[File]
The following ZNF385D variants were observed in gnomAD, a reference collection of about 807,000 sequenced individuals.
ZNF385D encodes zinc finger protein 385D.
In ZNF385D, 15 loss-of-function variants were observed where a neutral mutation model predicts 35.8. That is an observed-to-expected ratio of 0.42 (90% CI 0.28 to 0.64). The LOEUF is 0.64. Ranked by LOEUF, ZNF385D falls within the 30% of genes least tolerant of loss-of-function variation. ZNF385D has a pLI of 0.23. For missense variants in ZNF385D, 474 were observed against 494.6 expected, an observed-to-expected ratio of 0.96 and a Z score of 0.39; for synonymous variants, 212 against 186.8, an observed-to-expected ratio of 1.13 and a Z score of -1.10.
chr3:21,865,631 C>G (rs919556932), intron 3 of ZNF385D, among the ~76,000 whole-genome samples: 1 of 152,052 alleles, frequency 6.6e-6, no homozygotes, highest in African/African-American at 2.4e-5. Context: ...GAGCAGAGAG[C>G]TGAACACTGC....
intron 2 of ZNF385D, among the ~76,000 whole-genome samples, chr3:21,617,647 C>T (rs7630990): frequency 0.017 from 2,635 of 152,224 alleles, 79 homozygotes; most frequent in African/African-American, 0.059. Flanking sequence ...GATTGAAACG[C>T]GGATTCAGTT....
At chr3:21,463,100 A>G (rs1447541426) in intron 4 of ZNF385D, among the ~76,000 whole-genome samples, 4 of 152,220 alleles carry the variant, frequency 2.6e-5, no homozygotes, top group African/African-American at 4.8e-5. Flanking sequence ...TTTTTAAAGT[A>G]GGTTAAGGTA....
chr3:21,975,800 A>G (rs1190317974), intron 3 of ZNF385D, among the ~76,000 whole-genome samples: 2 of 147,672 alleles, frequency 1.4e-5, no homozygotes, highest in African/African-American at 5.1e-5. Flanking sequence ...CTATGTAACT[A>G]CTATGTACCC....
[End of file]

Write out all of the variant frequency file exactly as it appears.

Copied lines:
The following ZNF385D variants were observed in gnomAD, a reference collection of about 807,000 sequenced individuals.
ZNF385D encodes zinc finger protein 385D.
In ZNF385D, 15 loss-of-function variants were observed where a neutral mutation model predicts 35.8. That is an observed-to-expected ratio of 0.42 (90% CI 0.28 to 0.64). The LOEUF is 0.64. Ranked by LOEUF, ZNF385D falls within the 30% of genes least tolerant of loss-of-function variation. ZNF385D has a pLI of 0.23. For missense variants in ZNF385D, 474 were observed against 494.6 expected, an observed-to-expected ratio of 0.96 and a Z score of 0.39; for synonymous variants, 212 against 186.8, an observed-to-expected ratio of 1.13 and a Z score of -1.10.
chr3:21,865,631 C>G (rs919556932), intron 3 of ZNF385D, among the ~76,000 whole-genome samples: 1 of 152,052 alleles, frequency 6.6e-6, no homozygotes, highest in African/African-American at 2.4e-5. Context: ...GAGCAGAGAG[C>G]TGAACACTGC....
intron 2 of ZNF385D, among the ~76,000 whole-genome samples, chr3:21,617,647 C>T (rs7630990): frequency 0.017 from 2,635 of 152,224 alleles, 79 homozygotes; most frequent in African/African-American, 0.059. Flanking sequence ...GATTGAAACG[C>T]GGATTCAGTT....
At chr3:21,463,100 A>G (rs1447541426) in intron 4 of ZNF385D, among the ~76,000 whole-genome samples, 4 of 152,220 alleles carry the variant, frequency 2.6e-5, no homozygotes, top group African/African-American at 4.8e-5. Flanking sequence ...TTTTTAAAGT[A>G]GGTTAAGGTA....
chr3:21,975,800 A>G (rs1190317974), intron 3 of ZNF385D, among the ~76,000 whole-genome samples: 2 of 147,672 alleles, frequency 1.4e-5, no homozygotes, highest in African/African-American at 5.1e-5. Flanking sequence ...CTATGTAACT[A>G]CTATGTACCC....